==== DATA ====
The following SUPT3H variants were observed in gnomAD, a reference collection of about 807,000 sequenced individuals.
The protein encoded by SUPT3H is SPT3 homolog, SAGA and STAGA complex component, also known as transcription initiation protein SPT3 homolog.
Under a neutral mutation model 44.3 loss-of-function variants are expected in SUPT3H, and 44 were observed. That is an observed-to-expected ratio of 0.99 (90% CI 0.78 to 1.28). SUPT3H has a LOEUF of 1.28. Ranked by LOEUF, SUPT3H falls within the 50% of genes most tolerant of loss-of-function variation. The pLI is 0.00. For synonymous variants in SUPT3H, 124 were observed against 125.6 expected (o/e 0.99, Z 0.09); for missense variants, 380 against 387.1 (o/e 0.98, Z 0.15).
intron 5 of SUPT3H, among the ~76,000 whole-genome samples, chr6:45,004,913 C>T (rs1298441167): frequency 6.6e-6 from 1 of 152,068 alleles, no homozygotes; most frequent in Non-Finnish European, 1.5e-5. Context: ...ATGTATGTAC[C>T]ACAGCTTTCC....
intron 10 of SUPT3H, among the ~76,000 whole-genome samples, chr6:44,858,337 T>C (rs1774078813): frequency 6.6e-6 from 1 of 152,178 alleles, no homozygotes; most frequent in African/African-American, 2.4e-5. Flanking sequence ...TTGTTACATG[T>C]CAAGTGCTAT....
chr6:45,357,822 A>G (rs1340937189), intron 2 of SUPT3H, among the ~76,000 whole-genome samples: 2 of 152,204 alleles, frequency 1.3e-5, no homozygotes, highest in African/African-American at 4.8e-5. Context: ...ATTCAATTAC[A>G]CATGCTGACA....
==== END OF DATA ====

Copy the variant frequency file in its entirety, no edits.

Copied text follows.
The following SUPT3H variants were observed in gnomAD, a reference collection of about 807,000 sequenced individuals.
The protein encoded by SUPT3H is SPT3 homolog, SAGA and STAGA complex component, also known as transcription initiation protein SPT3 homolog.
Under a neutral mutation model 44.3 loss-of-function variants are expected in SUPT3H, and 44 were observed. That is an observed-to-expected ratio of 0.99 (90% CI 0.78 to 1.28). SUPT3H has a LOEUF of 1.28. Ranked by LOEUF, SUPT3H falls within the 50% of genes most tolerant of loss-of-function variation. The pLI is 0.00. For synonymous variants in SUPT3H, 124 were observed against 125.6 expected (o/e 0.99, Z 0.09); for missense variants, 380 against 387.1 (o/e 0.98, Z 0.15).
intron 5 of SUPT3H, among the ~76,000 whole-genome samples, chr6:45,004,913 C>T (rs1298441167): frequency 6.6e-6 from 1 of 152,068 alleles, no homozygotes; most frequent in Non-Finnish European, 1.5e-5. Context: ...ATGTATGTAC[C>T]ACAGCTTTCC....
intron 10 of SUPT3H, among the ~76,000 whole-genome samples, chr6:44,858,337 T>C (rs1774078813): frequency 6.6e-6 from 1 of 152,178 alleles, no homozygotes; most frequent in African/African-American, 2.4e-5. Flanking sequence ...TTGTTACATG[T>C]CAAGTGCTAT....
chr6:45,357,822 A>G (rs1340937189), intron 2 of SUPT3H, among the ~76,000 whole-genome samples: 2 of 152,204 alleles, frequency 1.3e-5, no homozygotes, highest in African/African-American at 4.8e-5. Context: ...ATTCAATTAC[A>G]CATGCTGACA....